Flores’s decision-making at the plate improved as the season wore on, leading to a near career-high .355 OBP. His BB/K rate mirrors this, increasing from 0.5 in the first half to 0.83 after the All-Star break.
Left Field: Yordan Alvarez
Honorable Mention: Juan Soto
Alvarez is a solid decision-maker with a stellar Contact ability and top-shelf Power.
Unsurprisingly, Yordan’s Power dipped mid-season after his stint on the IL. His ISO in August was only .194, far below every other month of the season when he was in the .300+ range.
Center Field: Aaron Judge
Honorable Mention: Mike Trout
Like Alvarez, Judge’s season was marred by injury in 2023, most notably a sprained toe which kept him out of the lineup from June 4 – July 26.
Before hitting the IL, Judge was on another MVP-level pace, slashing .291/.404/.674 with 19 HRs, 42 runs, and 40 RBI in 49 games. After his return, he continued to hit homers, but his SLG dropped by over .100 points in the second half.
Judge struggled with Contact but thrived in every other PLV category, especially Power, where he and Ohtani were the only players with an 80 rating.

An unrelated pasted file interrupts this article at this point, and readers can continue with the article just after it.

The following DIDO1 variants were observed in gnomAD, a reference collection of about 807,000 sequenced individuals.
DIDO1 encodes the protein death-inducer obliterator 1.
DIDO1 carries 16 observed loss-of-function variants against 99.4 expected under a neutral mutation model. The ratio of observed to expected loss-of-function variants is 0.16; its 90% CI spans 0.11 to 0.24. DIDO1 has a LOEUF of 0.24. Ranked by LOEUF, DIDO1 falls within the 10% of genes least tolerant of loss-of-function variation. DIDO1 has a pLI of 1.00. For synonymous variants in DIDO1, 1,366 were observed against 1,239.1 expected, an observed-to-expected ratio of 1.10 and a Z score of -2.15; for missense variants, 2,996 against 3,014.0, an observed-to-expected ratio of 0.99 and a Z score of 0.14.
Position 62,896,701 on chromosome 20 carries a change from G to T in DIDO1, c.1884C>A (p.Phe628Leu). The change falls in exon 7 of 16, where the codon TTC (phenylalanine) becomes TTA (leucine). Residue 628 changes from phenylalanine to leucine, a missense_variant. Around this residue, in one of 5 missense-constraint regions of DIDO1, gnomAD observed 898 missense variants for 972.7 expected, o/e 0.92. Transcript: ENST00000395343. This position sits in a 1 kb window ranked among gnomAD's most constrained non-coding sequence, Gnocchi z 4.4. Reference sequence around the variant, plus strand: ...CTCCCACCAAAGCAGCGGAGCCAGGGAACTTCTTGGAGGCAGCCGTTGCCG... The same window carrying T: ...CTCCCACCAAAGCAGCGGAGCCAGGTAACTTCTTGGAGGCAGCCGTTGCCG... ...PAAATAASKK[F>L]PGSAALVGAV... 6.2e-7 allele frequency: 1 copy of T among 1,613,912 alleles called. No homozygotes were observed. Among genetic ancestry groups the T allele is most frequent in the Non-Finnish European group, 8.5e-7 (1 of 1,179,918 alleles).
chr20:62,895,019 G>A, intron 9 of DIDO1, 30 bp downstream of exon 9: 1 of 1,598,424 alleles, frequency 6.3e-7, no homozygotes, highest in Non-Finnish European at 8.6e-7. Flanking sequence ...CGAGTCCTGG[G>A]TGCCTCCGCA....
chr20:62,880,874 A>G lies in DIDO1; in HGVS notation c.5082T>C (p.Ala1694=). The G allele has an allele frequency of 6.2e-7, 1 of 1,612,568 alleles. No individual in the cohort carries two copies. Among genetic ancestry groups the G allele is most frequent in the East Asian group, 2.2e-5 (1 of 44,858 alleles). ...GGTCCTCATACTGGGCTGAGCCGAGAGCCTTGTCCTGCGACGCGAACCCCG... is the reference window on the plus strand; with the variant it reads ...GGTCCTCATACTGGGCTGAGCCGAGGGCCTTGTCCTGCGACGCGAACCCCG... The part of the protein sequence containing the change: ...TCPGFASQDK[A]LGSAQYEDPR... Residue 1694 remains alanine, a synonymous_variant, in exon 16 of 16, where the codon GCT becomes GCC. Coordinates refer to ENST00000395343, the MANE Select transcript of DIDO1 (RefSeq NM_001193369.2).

The chart below illustrates the sharp decline in Judge’s Power rating in the second half before a September surge. The decline looks dramatic until you realize that Judge added 0.2 extra bases per BBE, even at his low point.
Right Field: Ronald Acuña Jr.
Honorable Mention: Kyle Tucker
There’s not much to say about Acuña’s 2023 other than “Wow!”
Acuña became the first 40/70 man in MLB history and led all hitters in stolen bases, runs, and OBP. In addition, he finished in the top five in HRs, batting average, SLG, and OPS. Acuña just put up one of the greatest offensive seasons in baseball history.
Acuña’s prowess also translated into PLV terms, where he ranked well above average in every category.
There were a few ups and downs, but Acuña showed excellent consistency at the plate in 2023, staying way above the 90th percentile in HP all season.
Shohei Ohtani did not make a plate appearance after September 3 but still hit 44 homers, the fourth most in MLB. Ohtani led baseball in OPS, SLG, and ISO and was second to Acuña in OBP.
Ohtani was the only player to post an 80 in two categories, matching Judge in Power and Seager in HP.
Shohei put on a show in June when his power numbers shot through the roof. That month, the slugging pitcher smacked 15 HRs, seven doubles, and three triples while slashing an obscene .394/.492/.952 with an OPS of 1.444.
Despite missing most of September, Ohtani looks like he’ll take home his second MVP later this Fall.